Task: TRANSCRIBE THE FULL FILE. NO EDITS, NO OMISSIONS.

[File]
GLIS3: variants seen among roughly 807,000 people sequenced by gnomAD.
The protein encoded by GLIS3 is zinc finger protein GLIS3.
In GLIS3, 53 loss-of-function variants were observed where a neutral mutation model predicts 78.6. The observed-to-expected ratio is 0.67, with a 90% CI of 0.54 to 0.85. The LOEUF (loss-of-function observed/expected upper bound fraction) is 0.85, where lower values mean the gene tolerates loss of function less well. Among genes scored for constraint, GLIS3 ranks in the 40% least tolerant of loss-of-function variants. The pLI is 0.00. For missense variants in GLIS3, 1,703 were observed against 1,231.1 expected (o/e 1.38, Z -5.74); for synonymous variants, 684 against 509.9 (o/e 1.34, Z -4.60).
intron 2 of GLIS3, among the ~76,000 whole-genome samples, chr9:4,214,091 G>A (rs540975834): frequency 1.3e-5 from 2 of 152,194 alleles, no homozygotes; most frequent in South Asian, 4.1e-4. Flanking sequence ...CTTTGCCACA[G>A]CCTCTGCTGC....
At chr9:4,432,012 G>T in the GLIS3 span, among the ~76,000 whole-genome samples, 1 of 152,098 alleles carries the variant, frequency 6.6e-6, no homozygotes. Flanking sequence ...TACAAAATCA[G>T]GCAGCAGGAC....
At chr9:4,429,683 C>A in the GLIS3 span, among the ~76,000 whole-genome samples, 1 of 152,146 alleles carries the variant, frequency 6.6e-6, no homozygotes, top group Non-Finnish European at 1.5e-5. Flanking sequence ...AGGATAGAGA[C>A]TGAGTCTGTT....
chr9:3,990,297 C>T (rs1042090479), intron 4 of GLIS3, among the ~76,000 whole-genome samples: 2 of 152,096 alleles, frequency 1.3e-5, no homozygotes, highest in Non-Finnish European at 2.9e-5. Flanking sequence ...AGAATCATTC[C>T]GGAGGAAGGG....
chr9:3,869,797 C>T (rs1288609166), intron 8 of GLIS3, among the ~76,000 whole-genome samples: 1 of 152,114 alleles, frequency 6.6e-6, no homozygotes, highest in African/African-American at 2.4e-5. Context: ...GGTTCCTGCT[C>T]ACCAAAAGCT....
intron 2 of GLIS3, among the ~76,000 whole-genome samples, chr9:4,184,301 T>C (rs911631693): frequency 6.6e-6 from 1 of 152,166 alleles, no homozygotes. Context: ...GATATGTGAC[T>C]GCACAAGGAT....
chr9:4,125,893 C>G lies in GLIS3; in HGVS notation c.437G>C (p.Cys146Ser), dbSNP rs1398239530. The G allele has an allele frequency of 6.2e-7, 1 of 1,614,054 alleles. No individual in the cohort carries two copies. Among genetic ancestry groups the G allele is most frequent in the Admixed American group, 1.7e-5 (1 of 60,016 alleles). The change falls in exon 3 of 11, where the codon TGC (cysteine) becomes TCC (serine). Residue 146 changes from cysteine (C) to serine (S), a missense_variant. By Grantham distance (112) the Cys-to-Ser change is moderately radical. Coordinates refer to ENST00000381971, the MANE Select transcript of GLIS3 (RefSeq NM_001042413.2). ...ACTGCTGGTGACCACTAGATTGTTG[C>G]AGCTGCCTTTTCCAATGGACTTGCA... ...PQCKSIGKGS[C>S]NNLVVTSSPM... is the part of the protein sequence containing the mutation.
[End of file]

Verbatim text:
GLIS3: variants seen among roughly 807,000 people sequenced by gnomAD.
The protein encoded by GLIS3 is zinc finger protein GLIS3.
In GLIS3, 53 loss-of-function variants were observed where a neutral mutation model predicts 78.6. The observed-to-expected ratio is 0.67, with a 90% CI of 0.54 to 0.85. The LOEUF (loss-of-function observed/expected upper bound fraction) is 0.85, where lower values mean the gene tolerates loss of function less well. Among genes scored for constraint, GLIS3 ranks in the 40% least tolerant of loss-of-function variants. The pLI is 0.00. For missense variants in GLIS3, 1,703 were observed against 1,231.1 expected (o/e 1.38, Z -5.74); for synonymous variants, 684 against 509.9 (o/e 1.34, Z -4.60).
intron 2 of GLIS3, among the ~76,000 whole-genome samples, chr9:4,214,091 G>A (rs540975834): frequency 1.3e-5 from 2 of 152,194 alleles, no homozygotes; most frequent in South Asian, 4.1e-4. Flanking sequence ...CTTTGCCACA[G>A]CCTCTGCTGC....
At chr9:4,432,012 G>T in the GLIS3 span, among the ~76,000 whole-genome samples, 1 of 152,098 alleles carries the variant, frequency 6.6e-6, no homozygotes. Flanking sequence ...TACAAAATCA[G>T]GCAGCAGGAC....
At chr9:4,429,683 C>A in the GLIS3 span, among the ~76,000 whole-genome samples, 1 of 152,146 alleles carries the variant, frequency 6.6e-6, no homozygotes, top group Non-Finnish European at 1.5e-5. Flanking sequence ...AGGATAGAGA[C>A]TGAGTCTGTT....
chr9:3,990,297 C>T (rs1042090479), intron 4 of GLIS3, among the ~76,000 whole-genome samples: 2 of 152,096 alleles, frequency 1.3e-5, no homozygotes, highest in Non-Finnish European at 2.9e-5. Flanking sequence ...AGAATCATTC[C>T]GGAGGAAGGG....
chr9:3,869,797 C>T (rs1288609166), intron 8 of GLIS3, among the ~76,000 whole-genome samples: 1 of 152,114 alleles, frequency 6.6e-6, no homozygotes, highest in African/African-American at 2.4e-5. Context: ...GGTTCCTGCT[C>T]ACCAAAAGCT....
intron 2 of GLIS3, among the ~76,000 whole-genome samples, chr9:4,184,301 T>C (rs911631693): frequency 6.6e-6 from 1 of 152,166 alleles, no homozygotes. Context: ...GATATGTGAC[T>C]GCACAAGGAT....
chr9:4,125,893 C>G lies in GLIS3; in HGVS notation c.437G>C (p.Cys146Ser), dbSNP rs1398239530. The G allele has an allele frequency of 6.2e-7, 1 of 1,614,054 alleles. No individual in the cohort carries two copies. Among genetic ancestry groups the G allele is most frequent in the Admixed American group, 1.7e-5 (1 of 60,016 alleles). The change falls in exon 3 of 11, where the codon TGC (cysteine) becomes TCC (serine). Residue 146 changes from cysteine (C) to serine (S), a missense_variant. By Grantham distance (112) the Cys-to-Ser change is moderately radical. Coordinates refer to ENST00000381971, the MANE Select transcript of GLIS3 (RefSeq NM_001042413.2). ...ACTGCTGGTGACCACTAGATTGTTG[C>G]AGCTGCCTTTTCCAATGGACTTGCA... ...PQCKSIGKGS[C>S]NNLVVTSSPM... is the part of the protein sequence containing the mutation.